BY Elizabeth Crisp
After three meetings and hours of debate, the state Board of Regents on Wednesday agreed to test new admissions standards for some of Louisiana’s universities.
The new policy isn’t as far-reaching as some had been aiming for, but supporters say it could help more students go to college.
“The goal is to get more graduates,” said Regents chairman Roy Martin, of Alexandria.
Under the new policy, four-year regional institutions will be able to admit students who require a developmental, or remedial, course. Currently, a student who scores on the ACT below an 18 in English or a 19 in math can’t enroll at the state’s public universities without a waiver because he or she would have to take a remedial course at a two-year college. The standards are a minimum, so individually, colleges could opt out of the new provision.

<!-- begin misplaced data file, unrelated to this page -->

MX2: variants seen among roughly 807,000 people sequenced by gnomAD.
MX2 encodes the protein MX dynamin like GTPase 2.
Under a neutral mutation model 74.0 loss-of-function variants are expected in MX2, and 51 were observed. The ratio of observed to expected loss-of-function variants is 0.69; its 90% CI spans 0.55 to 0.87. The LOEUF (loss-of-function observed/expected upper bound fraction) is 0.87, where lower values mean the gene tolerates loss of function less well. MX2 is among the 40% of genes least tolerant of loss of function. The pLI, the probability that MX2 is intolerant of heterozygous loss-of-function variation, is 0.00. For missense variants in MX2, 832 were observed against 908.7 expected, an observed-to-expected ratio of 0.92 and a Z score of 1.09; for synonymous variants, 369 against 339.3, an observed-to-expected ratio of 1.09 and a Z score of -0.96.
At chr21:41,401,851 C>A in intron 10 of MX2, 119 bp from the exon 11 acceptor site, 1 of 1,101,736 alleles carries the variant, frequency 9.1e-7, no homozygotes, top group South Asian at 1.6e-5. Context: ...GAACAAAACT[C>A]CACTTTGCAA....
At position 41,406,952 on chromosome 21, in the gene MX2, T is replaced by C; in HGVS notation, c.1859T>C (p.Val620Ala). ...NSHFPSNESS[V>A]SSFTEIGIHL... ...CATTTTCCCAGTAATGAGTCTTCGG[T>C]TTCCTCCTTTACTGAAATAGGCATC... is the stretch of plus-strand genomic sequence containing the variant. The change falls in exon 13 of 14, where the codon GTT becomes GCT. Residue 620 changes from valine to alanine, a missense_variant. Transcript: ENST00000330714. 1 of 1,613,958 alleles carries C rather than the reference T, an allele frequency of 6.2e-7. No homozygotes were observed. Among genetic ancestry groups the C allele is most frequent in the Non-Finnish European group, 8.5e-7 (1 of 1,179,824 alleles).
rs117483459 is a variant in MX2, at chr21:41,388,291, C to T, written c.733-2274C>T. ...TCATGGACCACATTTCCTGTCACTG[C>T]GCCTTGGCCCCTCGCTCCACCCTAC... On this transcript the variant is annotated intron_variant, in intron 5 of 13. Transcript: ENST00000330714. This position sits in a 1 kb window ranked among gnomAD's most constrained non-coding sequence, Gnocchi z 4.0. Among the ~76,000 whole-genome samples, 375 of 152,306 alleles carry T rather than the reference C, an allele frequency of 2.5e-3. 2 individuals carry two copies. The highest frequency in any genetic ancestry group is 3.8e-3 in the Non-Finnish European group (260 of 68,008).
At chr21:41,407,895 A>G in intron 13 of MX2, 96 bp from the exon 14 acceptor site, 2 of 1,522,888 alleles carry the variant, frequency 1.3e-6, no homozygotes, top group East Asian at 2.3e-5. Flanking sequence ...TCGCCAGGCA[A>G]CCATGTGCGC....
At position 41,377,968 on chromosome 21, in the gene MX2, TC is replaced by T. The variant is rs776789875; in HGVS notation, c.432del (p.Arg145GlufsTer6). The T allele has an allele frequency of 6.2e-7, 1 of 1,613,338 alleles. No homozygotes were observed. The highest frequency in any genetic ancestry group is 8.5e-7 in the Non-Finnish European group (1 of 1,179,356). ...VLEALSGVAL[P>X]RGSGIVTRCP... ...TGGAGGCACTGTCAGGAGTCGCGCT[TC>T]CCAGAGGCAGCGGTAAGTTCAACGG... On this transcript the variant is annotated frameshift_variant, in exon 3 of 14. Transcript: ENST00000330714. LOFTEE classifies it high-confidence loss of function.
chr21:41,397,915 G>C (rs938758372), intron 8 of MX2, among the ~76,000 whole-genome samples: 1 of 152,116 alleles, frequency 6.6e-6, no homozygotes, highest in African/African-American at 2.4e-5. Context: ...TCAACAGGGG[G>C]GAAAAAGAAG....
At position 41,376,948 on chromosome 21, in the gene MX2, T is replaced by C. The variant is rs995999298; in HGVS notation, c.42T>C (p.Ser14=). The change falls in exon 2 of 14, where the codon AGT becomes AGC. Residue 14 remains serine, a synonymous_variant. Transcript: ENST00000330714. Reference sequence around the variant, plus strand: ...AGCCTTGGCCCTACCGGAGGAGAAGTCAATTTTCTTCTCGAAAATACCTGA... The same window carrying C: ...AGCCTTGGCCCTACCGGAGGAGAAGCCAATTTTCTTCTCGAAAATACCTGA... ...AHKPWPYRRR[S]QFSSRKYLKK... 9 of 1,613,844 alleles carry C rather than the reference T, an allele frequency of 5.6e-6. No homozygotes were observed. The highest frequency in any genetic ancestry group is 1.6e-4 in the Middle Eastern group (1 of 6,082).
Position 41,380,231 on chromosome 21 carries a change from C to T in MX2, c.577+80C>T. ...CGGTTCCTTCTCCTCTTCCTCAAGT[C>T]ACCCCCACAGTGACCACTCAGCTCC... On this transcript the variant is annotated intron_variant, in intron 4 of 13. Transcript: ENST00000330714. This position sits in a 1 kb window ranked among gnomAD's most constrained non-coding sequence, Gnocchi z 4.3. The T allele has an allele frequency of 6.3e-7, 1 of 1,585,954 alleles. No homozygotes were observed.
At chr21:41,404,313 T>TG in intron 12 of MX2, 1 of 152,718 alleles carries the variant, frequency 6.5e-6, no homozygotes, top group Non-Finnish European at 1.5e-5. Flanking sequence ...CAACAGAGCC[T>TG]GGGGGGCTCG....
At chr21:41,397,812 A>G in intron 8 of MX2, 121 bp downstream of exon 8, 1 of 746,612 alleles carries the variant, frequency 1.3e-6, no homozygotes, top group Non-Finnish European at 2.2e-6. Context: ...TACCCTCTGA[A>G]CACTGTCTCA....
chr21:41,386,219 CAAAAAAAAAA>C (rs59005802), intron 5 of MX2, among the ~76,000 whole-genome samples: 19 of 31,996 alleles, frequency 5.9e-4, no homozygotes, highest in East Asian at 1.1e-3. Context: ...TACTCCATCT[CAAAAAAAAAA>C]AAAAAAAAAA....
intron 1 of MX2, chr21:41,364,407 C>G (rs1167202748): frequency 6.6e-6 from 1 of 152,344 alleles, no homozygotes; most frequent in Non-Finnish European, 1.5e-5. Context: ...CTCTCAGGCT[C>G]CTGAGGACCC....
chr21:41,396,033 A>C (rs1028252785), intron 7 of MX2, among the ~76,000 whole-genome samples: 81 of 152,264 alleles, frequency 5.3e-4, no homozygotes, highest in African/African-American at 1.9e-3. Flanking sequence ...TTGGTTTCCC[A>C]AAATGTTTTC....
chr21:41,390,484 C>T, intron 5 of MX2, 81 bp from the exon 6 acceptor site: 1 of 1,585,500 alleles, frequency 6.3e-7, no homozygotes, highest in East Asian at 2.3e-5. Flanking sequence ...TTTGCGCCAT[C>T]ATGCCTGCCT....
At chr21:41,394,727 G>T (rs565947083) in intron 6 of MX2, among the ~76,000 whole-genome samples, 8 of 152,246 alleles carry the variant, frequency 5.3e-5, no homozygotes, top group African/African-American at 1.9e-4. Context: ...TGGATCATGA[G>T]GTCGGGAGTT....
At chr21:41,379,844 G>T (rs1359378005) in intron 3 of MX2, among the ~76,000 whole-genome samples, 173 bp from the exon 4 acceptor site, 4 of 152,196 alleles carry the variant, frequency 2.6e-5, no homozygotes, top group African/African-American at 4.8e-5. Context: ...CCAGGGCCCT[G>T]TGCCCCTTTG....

Under the new policy, which is being tested for two years, remedial courses will still be offered on community college campuses — except for students of the state’s historically black colleges, Southern University, Southern University New Orleans and Grambling State University.
The HBCUs will be able to offer remedial courses on their own campuses.